NEWBURY - Chuck Baresich became interested in robotics while watching the iconic sci-fi franchise Star Wars and is now combining that love with his passion for farming.
NEWBURY – Chuck Baresich became interested in robotics while watching the iconic sci-fi franchise Star Wars and is now combining that love with his passion for farming.
Baresich, a joint owner of Haggerty Creek Ltd. with his brother Justin and AGRIS Co-operative Ltd., has spent the past week learning the ins and outs of using the DOT autonomous farming platform, created by DOT Technology Corp.
The Bothwell-based farm operation is the first in Ontario to use the made-in-Canada technology in a commercial fertilizer application.
On Thursday, the massive self-driving unit actually fertilized some fields near Newbury.
However, Baresich admitted standing back and watching this automated technology do the work took some getting used to.
“As a farmer, you’re not used to that. You’re used to just showing up to the field and just driving,” he said.
There’s also been a learning curve.
Baresich said farmers have to plan out the job for each field using a tablet, which includes programming the field’s boundaries and determining the most efficient method for the unit to move around the field.
He quickly realized having to program every move the DOT unit needs to perform creates a better awareness of how important it is to make sure fields are in good shape.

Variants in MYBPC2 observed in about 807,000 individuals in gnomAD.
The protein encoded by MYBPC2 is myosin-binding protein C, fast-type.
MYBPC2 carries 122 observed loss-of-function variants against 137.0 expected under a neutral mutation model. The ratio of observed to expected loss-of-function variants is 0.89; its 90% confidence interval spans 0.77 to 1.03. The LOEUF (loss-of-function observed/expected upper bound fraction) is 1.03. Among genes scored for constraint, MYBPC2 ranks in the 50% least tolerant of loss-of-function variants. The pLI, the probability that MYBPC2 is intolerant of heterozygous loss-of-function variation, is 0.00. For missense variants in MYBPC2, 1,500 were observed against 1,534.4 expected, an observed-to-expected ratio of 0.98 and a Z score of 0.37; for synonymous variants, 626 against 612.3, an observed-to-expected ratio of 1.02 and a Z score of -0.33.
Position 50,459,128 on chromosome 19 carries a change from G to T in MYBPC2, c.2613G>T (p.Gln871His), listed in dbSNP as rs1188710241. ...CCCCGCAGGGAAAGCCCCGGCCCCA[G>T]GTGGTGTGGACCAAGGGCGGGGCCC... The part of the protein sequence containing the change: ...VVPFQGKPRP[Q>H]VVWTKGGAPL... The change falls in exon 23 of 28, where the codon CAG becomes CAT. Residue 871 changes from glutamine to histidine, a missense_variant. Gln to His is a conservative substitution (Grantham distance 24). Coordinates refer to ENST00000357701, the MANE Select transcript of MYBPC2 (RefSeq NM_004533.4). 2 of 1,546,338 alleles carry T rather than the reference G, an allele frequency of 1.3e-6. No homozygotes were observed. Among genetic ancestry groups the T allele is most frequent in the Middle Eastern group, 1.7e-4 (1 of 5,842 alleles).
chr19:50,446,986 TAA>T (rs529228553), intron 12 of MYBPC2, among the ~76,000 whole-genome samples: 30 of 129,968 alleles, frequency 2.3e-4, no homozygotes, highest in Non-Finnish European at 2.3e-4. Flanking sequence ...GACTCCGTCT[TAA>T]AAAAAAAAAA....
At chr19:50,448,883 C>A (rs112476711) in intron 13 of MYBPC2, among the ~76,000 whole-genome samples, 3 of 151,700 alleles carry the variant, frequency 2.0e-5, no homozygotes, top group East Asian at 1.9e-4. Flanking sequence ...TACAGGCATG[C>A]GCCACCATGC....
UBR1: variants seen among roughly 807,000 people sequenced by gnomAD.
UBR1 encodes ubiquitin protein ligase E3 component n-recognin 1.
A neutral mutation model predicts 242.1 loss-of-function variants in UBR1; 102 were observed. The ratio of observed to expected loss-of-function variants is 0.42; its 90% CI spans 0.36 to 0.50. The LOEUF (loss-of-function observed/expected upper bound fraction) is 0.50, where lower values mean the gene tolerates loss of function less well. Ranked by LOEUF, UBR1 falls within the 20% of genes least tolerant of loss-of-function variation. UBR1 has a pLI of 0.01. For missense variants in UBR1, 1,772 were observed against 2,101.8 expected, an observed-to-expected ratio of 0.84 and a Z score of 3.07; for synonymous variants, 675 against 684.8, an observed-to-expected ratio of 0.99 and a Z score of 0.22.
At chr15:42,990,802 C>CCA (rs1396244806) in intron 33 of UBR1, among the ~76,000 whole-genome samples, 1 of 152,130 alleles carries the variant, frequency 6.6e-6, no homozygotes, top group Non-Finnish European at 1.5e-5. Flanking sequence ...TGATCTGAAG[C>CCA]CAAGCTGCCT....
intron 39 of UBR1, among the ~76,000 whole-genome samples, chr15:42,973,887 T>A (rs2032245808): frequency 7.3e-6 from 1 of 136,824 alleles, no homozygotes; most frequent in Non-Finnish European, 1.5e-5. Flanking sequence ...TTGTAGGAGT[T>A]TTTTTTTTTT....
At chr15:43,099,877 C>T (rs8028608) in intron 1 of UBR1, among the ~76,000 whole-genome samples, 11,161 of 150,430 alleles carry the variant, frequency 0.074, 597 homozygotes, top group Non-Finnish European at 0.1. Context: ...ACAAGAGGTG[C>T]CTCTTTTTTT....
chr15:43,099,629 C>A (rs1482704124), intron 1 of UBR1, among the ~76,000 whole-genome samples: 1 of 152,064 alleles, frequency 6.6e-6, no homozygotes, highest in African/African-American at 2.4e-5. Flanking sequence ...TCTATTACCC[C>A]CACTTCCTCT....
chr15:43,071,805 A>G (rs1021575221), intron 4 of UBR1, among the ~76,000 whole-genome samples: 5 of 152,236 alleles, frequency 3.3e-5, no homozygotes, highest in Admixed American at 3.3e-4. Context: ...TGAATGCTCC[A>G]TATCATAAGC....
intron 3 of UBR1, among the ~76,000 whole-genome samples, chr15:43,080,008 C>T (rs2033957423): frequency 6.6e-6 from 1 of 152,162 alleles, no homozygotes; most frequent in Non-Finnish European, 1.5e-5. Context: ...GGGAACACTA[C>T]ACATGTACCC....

“It’s been so easy for us to ignore trees that have fallen down, a wet spot in the field or a washout in the field … because, when you’re driving, you just make the decision to go around it,” Baresich said.
He said a lot of farmers are coming by to see this cutting-edge technology in action.
“Part of it is the mindset,” Baresich said. “Are you willing to change what you’ve always done?”
It does require some changes, he added, but you have to start somewhere.
AGRIS Co-operative general manager Jim Campbell says autonomy is the word this year for agricultural operations.
“Haggerty and AGRIS are always bringing you what’s next,” he added. “This is what’s next.”
Baresich was attracted to the technology for a number of reasons, including its Canadian origins and his familiarity with a number of its components, such as the Cummins motor and rate controllers.
“It makes the step into the technology less challenging.”
Baresich said he and his partners are already planning to purchase more of the technology to use for planting next year. Ultimately, he envisions a number of the DOT units being used to work multiple fields at the same time.
“That day is coming,” he said.
While automation is well suited for monotonous, yet important, tasks, Baresich doesn’t see this technology eliminating any employees.
“I see this complementing what we’re doing,” he said.
Instead of having a precision ag tech spend a lot of time driving farm equipment, that person can now “be talking and doing service calls and things while the machine is out spreading fertilizer, instead of driving up and down the field,” he said.
For now, Baresich is enjoying the process of learning more about this technology.
“It’s funny to say, but it’s always exciting to watch it on the tablet … actually watch it slow down and make its turn,” he said. “That hasn’t got old yet.”